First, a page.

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Is an art,
Like everything else
I do it exceptionally well
These words are from Ariel. They show Plath’s attitude toward death’s inevitability. Sometimes this attitude is resignation, fear, for decided resistance. Never the less, whichever attitude toward death is presented in Sylvia Plath’s work, it can certainly be seen that death is a major theme in her work (King 47).
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In addition to death, Conflict is an ever-present theme in the work of Sylvia Plath. In her early poetry, two major opposites like love and hate ate contrasted in a poem. The result of this contrast leaves the two opposites in a state of balance with each other so as neither one has the upper hand. Yet, in her later work, the “bad side”, in this case hate, has the upper hand and obtains a strong presence in her poetry (King 150). The conflict written about in these poems are not merely words. They show the internal conflict in Plath’s own mind. In the poem “Daddy”, the conflict of love and hate as well as revenge and regret are true feelings that Plath struggled with over the death of her father (Bloom 89). More of this internal conflict in Plath’s twisted mind is represented by the contrast of several other opposites. Fertility and bareness are contrasted around the same time when Plath was trying to conceive her first child. Life and death are also contrasting themes used in her work around the same time of her death. Thus it can been seen that Plath uses the internal conflict in her mind to theme many of her great poems (King 98).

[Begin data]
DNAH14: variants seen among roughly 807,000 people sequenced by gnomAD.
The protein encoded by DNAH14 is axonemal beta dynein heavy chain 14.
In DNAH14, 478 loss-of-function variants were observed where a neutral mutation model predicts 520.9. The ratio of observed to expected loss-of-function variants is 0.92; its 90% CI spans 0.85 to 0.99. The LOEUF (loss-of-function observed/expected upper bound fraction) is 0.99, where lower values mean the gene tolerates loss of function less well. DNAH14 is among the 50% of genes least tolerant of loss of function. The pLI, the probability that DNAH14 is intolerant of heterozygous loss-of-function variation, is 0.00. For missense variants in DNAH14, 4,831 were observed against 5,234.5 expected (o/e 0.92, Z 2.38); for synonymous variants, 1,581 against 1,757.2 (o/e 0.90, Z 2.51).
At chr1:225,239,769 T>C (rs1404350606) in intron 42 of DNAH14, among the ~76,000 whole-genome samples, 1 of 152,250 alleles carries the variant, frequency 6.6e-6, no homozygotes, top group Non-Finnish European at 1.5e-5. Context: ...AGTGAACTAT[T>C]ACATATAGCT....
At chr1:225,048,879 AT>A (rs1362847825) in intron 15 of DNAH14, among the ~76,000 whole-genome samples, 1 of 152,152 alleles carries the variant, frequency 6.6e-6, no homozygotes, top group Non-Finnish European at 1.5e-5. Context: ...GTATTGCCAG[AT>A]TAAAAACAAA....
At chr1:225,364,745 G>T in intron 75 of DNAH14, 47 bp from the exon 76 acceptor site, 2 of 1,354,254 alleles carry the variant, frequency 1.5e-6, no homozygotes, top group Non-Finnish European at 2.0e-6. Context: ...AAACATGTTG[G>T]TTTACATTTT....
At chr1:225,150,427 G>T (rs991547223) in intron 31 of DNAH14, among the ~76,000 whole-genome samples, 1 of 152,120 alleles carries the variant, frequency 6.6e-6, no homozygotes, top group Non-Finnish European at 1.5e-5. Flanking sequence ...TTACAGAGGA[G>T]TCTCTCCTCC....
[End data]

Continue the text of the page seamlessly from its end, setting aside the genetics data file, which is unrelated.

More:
It can be said that Sylvia Plath had the perfect life, but she could not escape the death and conflicting thoughts in her own fragile mind (Fitzgerald 1). Plath states. “I think my poems come immediately out of the sensuous and emotional experiences I have…” (Bloom 69). She